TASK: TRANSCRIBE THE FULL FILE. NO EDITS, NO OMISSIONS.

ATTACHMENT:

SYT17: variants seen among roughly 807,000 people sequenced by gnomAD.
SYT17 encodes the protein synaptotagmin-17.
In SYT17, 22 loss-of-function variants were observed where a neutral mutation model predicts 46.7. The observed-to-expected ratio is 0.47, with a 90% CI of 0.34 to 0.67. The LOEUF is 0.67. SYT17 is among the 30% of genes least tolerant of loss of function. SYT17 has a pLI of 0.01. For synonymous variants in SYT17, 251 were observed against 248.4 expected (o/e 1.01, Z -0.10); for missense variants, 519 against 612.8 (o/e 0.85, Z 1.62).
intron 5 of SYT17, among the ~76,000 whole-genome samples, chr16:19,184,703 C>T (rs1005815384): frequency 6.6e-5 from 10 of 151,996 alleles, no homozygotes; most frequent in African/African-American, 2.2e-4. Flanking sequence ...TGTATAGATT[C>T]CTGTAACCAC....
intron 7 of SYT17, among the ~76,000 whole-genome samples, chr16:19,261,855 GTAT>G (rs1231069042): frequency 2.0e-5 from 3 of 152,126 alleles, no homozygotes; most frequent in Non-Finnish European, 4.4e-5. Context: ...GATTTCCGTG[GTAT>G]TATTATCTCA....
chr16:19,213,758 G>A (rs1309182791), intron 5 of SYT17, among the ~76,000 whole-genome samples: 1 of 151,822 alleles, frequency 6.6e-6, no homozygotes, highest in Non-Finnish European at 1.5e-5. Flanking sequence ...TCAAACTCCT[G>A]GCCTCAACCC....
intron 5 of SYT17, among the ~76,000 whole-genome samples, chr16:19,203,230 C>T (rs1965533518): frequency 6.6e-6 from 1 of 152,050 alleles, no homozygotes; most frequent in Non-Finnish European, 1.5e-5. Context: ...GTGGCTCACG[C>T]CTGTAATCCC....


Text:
SYT17: variants seen among roughly 807,000 people sequenced by gnomAD.
SYT17 encodes the protein synaptotagmin-17.
In SYT17, 22 loss-of-function variants were observed where a neutral mutation model predicts 46.7. The observed-to-expected ratio is 0.47, with a 90% CI of 0.34 to 0.67. The LOEUF is 0.67. SYT17 is among the 30% of genes least tolerant of loss of function. SYT17 has a pLI of 0.01. For synonymous variants in SYT17, 251 were observed against 248.4 expected (o/e 1.01, Z -0.10); for missense variants, 519 against 612.8 (o/e 0.85, Z 1.62).
intron 5 of SYT17, among the ~76,000 whole-genome samples, chr16:19,184,703 C>T (rs1005815384): frequency 6.6e-5 from 10 of 151,996 alleles, no homozygotes; most frequent in African/African-American, 2.2e-4. Flanking sequence ...TGTATAGATT[C>T]CTGTAACCAC....
intron 7 of SYT17, among the ~76,000 whole-genome samples, chr16:19,261,855 GTAT>G (rs1231069042): frequency 2.0e-5 from 3 of 152,126 alleles, no homozygotes; most frequent in Non-Finnish European, 4.4e-5. Context: ...GATTTCCGTG[GTAT>G]TATTATCTCA....
chr16:19,213,758 G>A (rs1309182791), intron 5 of SYT17, among the ~76,000 whole-genome samples: 1 of 151,822 alleles, frequency 6.6e-6, no homozygotes, highest in Non-Finnish European at 1.5e-5. Flanking sequence ...TCAAACTCCT[G>A]GCCTCAACCC....
intron 5 of SYT17, among the ~76,000 whole-genome samples, chr16:19,203,230 C>T (rs1965533518): frequency 6.6e-6 from 1 of 152,050 alleles, no homozygotes; most frequent in Non-Finnish European, 1.5e-5. Context: ...GTGGCTCACG[C>T]CTGTAATCCC....